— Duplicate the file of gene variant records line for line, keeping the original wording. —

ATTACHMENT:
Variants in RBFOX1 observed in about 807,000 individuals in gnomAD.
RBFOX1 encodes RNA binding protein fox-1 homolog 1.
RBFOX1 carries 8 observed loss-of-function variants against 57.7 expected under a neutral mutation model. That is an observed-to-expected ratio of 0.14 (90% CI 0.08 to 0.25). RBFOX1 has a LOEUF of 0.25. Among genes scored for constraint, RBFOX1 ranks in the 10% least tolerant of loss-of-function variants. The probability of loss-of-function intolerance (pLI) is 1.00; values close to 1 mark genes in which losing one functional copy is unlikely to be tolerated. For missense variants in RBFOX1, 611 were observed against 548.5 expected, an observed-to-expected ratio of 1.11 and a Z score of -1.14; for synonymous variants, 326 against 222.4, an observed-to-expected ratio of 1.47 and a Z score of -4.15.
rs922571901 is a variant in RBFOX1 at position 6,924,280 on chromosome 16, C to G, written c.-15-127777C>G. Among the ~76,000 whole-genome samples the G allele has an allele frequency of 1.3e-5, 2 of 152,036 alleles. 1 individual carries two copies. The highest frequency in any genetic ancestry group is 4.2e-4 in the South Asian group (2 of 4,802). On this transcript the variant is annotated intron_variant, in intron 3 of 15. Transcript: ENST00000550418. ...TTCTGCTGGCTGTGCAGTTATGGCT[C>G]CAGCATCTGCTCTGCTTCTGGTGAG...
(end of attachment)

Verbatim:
Variants in RBFOX1 observed in about 807,000 individuals in gnomAD.
RBFOX1 encodes RNA binding protein fox-1 homolog 1.
RBFOX1 carries 8 observed loss-of-function variants against 57.7 expected under a neutral mutation model. That is an observed-to-expected ratio of 0.14 (90% CI 0.08 to 0.25). RBFOX1 has a LOEUF of 0.25. Among genes scored for constraint, RBFOX1 ranks in the 10% least tolerant of loss-of-function variants. The probability of loss-of-function intolerance (pLI) is 1.00; values close to 1 mark genes in which losing one functional copy is unlikely to be tolerated. For missense variants in RBFOX1, 611 were observed against 548.5 expected, an observed-to-expected ratio of 1.11 and a Z score of -1.14; for synonymous variants, 326 against 222.4, an observed-to-expected ratio of 1.47 and a Z score of -4.15.
rs922571901 is a variant in RBFOX1 at position 6,924,280 on chromosome 16, C to G, written c.-15-127777C>G. Among the ~76,000 whole-genome samples the G allele has an allele frequency of 1.3e-5, 2 of 152,036 alleles. 1 individual carries two copies. The highest frequency in any genetic ancestry group is 4.2e-4 in the South Asian group (2 of 4,802). On this transcript the variant is annotated intron_variant, in intron 3 of 15. Transcript: ENST00000550418. ...TTCTGCTGGCTGTGCAGTTATGGCT[C>G]CAGCATCTGCTCTGCTTCTGGTGAG...